Improving Child Health Through Healthy Timing and Spacing of Pregnancies in Rural Ethiopia

Yohannes Dibaba is a Ph.D. candidate in the School of Public Health, College of Health Sciences, at Addis Ababa University, Ethiopia. He is a participant in PRB’s 2012-2013 Policy Communication Fellows Program, funded by USAID through the IDEA project.

(June 2013) Many countries have made progress in achieving the United Nations Millennium Development Goal 4: to reduce child mortality by two-thirds by 2015. Ethiopia’s achievement in reducing child mortality has been remarkable, but still today, one of every 17 Ethiopian children dies before age 1.

The Ethiopian Child Survival Strategy recognizes the complex set of factors that influence child health, including high fertility and inadequate birth spacing.1 Several aspects of women’s fertility behavior also influence child health and survival, including mother’s age at the birth of her children, length of birth intervals, and the number of births a woman has already had. Family planning can improve child health and survival by preventing births to older and younger women (ages that carry increased risks to maternal health), reducing the number of births per woman, and lengthening the interval between births.

Researching Child Mortality in Ethiopia

In Ethiopia, under-5 mortality declined dramatically from 166 deaths per 1,000 live births in 2000 to 88 deaths per 1,000 births by 2011, a reduction of 47 percent in 11 years. Infant mortality also declined by 39 percent during the same period—from 97 deaths per 1,000 live births to 59 deaths.2

My research used data collected from a demographic surveillance site (DSS) in southwestern Ethiopia to examine the influences of women’s fertility behavior on infant mortality and the use of vaccination services. The study involved 1,370 mothers who had 1,382 births in the two years before the survey date (March 2012).

Infant deaths are high in the study area. Among the 1,382 children born to the women in the study, 78 died in the first year of life—an infant death rate of 56 deaths per 1,000 live births. But there are marked differences in infant deaths by residence and wealth: Infant death is more than twice as high in rural areas than in urban areas in the study (66 deaths compared to 31). Similarly, there were 75 deaths per 1,000 births among poor households compared to 37 deaths among wealthy households.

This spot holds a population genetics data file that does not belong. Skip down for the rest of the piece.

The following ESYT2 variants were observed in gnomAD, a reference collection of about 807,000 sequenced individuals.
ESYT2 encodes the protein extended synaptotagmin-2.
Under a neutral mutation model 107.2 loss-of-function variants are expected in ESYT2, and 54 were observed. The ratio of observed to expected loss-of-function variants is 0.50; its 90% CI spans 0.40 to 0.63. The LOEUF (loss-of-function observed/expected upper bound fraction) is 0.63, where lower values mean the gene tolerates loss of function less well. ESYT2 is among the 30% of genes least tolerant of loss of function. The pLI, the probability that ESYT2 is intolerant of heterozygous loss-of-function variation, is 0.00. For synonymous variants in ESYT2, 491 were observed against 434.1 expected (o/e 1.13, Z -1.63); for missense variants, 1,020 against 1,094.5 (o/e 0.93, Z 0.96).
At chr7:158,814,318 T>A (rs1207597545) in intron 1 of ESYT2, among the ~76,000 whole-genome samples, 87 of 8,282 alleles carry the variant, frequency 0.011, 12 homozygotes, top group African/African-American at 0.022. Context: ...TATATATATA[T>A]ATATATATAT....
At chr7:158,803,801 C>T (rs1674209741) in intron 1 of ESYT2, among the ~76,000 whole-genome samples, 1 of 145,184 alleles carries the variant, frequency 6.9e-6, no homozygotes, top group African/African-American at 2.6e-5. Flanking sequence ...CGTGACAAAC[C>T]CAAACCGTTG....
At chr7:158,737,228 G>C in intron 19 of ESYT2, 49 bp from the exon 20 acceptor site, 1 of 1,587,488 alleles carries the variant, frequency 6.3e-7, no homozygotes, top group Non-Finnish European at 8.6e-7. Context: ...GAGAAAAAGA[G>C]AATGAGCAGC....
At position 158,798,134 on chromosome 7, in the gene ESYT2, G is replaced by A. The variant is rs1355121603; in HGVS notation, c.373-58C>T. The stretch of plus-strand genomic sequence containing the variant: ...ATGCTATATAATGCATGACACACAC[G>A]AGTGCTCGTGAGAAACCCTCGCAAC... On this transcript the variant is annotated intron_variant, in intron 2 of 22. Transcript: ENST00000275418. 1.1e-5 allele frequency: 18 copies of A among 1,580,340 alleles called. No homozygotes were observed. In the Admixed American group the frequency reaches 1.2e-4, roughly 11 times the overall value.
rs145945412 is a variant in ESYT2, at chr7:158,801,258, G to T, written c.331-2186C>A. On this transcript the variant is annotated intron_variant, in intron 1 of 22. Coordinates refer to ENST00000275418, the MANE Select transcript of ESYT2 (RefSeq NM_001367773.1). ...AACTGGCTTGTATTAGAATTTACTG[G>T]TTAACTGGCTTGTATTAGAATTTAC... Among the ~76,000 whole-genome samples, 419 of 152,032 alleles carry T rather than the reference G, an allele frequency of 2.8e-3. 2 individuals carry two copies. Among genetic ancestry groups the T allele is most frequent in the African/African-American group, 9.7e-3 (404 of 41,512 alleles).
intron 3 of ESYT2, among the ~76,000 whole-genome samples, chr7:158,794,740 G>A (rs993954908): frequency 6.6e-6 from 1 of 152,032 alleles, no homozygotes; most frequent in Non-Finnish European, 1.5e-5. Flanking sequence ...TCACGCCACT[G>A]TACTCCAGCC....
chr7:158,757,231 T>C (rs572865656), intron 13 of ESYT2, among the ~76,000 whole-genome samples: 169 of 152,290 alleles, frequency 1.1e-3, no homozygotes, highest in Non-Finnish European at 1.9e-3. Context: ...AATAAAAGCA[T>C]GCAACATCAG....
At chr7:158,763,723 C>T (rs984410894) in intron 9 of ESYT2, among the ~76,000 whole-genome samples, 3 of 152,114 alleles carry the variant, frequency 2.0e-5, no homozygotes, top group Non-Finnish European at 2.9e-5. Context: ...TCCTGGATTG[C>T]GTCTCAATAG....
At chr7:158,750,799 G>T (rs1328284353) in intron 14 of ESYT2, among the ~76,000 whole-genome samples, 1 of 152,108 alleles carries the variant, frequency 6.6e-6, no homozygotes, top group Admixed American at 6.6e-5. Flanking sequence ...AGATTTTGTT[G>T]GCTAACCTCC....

Figure 1
Infant Deaths in Ethiopia, by Mother’s Age and Fertility

* There were fewer births to women below age 18 in the study (only 2 percent of births).
Source: Author’s research.

Older age of mother increases the chances of infant death. Infant deaths were higher when the mother’s age at birth was 35 years or older. Infant mortality was 85 per 1,000 live births for children born to women between ages 35 and 49, compared to 56 deaths per 1,000 live births among children born to women between ages 25 and 34 (see Figure 1). While the infant mortality rate was even lower among young women between ages 15 and 24, there were fewer births to women in this age group in the study population (only 2 percent of births occurred to women below age 18).

Shorter birth intervals increase the risk of infant death. Research has shown that longer birth intervals improve child survival rates, and this study observed a similar outcome. When birth intervals were shorter than 36 months, the infant mortality rate was 66 deaths per 1,000 births compared to 46 deaths when the intervals were longer than 36 months.

Fertility behavior also influences use of vaccination services. Seventy-eight percent of children ages 12 to 24 months had received at least one of the eight essential vaccination series recommended by the World Health Organization, but only 37 percent were fully vaccinated. But the percentage of children ages 12 to 24 months who received measles vaccination was 49 percent, and the vaccination rate was higher when the mother was younger (51 percent), when there are fewer children under 5 in the family, and when the pregnancy was intended (see Figure 2).

Figure 2
Measles Vaccination of Children by Women’s Fertility Behavior

Source: Author’s research.

Healthy Timing and Spacing of Pregnancies

This study examined relationships between fertility behaviors and child health outcomes among 1,370 mothers in rural southwestern Ethiopia in 2012. Higher mortality among children is associated with shorter birth intervals, pregnancies to older women, unintended pregnancies, and a high number of births per mother. Similarly, measles vaccination coverage was lower when the mother’s age at birth was older, when the birth was unintended, and when there was more than one child under age 5 in the household. These results confirm the existing evidence of the relationship between fertility behavior and child health outcomes.

To reduce child mortality and improve child health, increased awareness in the community, particularly among women of childbearing age in rural areas, of the importance of the healthy timing and spacing of pregnancies is critical.


  1. Ethiopia Ministry of Health, National Strategy for Child Survival in Ethiopia (Addis Ababa: Central Statistical Agency and ICF International, 2005).
  2. Central Statistical Agency and ICF International, Ethiopia Demographic and Health Survey 2011 (Calverton, MD: ICF International, 2012).